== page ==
Following on from our discussion about being realistic about what CMOs are going to pay for, Pharma companies also need to understand the key decision-making processes within a CMO and how this will impact their own activities.

As an example, understanding the funding approval processes within a CMO can be key to ensuring a timely serialisation implementation. How a CMO makes its funding commitment decisions and what commitments they need from their customers along the way, should shape a Pharma company’s engagement plan. All too often, a project will encounter unexpected and sometimes unexplained delays because the funding and commitment processes of the Pharma company and CMO are not aligned.

Key learnings 4: Be realistic about your CMOs’ views of your importance to them

Pharma companies would all like to think that every CMO treats them as a critical and highly important customer. However, this is just not realistic for most Pharma-CMO relationships. Certainly, you may be in the fortunate position of being a priority customer for a small number of your CMOs, but it is unlikely to be the case for all of them.

This is particularly true if, as is sometimes the case, a CMO is in fact a Pharma company themselves. In this situation, there may be two issues playing against you as the customer:

  • As a contract supply product, your supply is often low margin and low priority for the supplying Pharma company.
  • Pharma companies are typically not well set up with respect to serialisation and, often culturally, to service a model where they are the CMO, as this is different to a model to where they are the customer.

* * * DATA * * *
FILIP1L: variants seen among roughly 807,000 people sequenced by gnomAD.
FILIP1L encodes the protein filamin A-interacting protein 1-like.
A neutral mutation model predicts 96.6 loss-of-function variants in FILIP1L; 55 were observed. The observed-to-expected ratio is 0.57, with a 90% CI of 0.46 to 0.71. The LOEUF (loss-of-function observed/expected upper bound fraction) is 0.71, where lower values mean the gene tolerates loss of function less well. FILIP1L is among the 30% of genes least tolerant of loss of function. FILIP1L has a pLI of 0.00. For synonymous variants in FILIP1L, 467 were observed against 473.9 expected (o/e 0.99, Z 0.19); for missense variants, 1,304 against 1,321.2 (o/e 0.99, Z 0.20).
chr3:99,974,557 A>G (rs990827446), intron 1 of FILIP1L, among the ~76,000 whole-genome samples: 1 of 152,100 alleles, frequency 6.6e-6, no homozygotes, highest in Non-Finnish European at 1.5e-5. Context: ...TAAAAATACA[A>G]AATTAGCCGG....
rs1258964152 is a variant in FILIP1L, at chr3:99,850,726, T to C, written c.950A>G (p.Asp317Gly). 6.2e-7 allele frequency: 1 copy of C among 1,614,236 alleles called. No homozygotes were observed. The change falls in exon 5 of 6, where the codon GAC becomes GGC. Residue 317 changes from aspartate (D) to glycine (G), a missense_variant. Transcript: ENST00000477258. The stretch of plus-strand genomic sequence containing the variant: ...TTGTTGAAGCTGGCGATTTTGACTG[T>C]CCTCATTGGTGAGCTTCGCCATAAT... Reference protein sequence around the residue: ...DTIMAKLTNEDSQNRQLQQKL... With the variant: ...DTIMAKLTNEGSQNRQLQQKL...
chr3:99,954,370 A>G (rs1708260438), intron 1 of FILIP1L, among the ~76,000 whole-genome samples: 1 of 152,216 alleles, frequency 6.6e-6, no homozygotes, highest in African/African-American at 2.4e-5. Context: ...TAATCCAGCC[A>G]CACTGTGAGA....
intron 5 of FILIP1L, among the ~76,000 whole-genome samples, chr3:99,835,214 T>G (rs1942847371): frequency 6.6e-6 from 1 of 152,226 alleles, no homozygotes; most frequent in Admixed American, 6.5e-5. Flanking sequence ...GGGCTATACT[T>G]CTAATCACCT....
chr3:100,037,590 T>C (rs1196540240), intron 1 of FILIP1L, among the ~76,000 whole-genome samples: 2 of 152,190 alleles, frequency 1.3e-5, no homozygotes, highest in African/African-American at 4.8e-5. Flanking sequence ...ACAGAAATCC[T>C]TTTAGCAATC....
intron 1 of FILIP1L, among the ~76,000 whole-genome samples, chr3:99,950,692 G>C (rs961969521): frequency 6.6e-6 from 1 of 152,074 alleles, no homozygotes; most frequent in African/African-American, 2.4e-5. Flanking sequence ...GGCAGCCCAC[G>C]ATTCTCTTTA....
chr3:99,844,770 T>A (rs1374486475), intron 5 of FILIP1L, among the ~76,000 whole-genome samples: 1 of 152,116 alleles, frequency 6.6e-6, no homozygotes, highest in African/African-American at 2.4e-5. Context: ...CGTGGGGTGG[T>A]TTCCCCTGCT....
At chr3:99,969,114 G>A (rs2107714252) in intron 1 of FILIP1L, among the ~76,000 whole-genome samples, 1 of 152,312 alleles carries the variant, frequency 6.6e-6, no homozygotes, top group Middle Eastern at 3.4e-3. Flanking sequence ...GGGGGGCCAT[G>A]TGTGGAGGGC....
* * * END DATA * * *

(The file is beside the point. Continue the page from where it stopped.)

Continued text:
Planning on the basis of a realistic expectation of the CMO’s view of your business will help avoid unnecessary supply risks.

Key learnings 5: Use risk management to focus resource application

It is unlikely that you will have enough of the right resource to manage all CMOs in the same way and mitigate all risks entirely. Therefore, managing the portfolio of CMO-integration projects using a risk-based approach will give you an effective way to focus resource where it will pay the highest dividends.

Different companies will measure business risk in different ways, but the principle of applying most resource to mitigate the highest business risks is likely a sensible approach. However, it must also be recognised that this approach comes with a downside. Such a focusing of resource will mean that some areas of the program will have a higher probability of some degree of failure. Management need to recognise this and work with their teams to ensure they understand where compromise is acceptable.

Key learnings 6: Make sure you assess each CMO’s capability and capacity to deliver

Our experience suggests that, just because a CMO claims they can deliver, the Pharma company customer should not take this at face value, unless failure does not matter in the bigger scheme of supply risks.

The majority of CMOs are stretched to achieve serialisation and are relying, in a large part, on the same over stretched supplier base as everyone else.

Furthermore, CMOs, being lower-margin businesses than the typical Pharma company, are run much leaner than the typical Pharma company. This typically exposes Pharma companies to delivery risk levels that may not be acceptable to them.

An assessment of any CMO’s likely ability to deliver can be made to help understand this risk and actively decide if and how to mitigate it. Areas of assessment can include:

  • Overall approach and plans
  • Key skills
    • Subject matter expertise
    • Project management
    • Quality and validation
  • Supplier capability
  • Internal and external resource capacity.
Should you have any questions about this or any other of my blogs, or would simply like to request a copy of my booklets, please don’t hesitate to contact me at Stephen.McIndoe@be4ward.com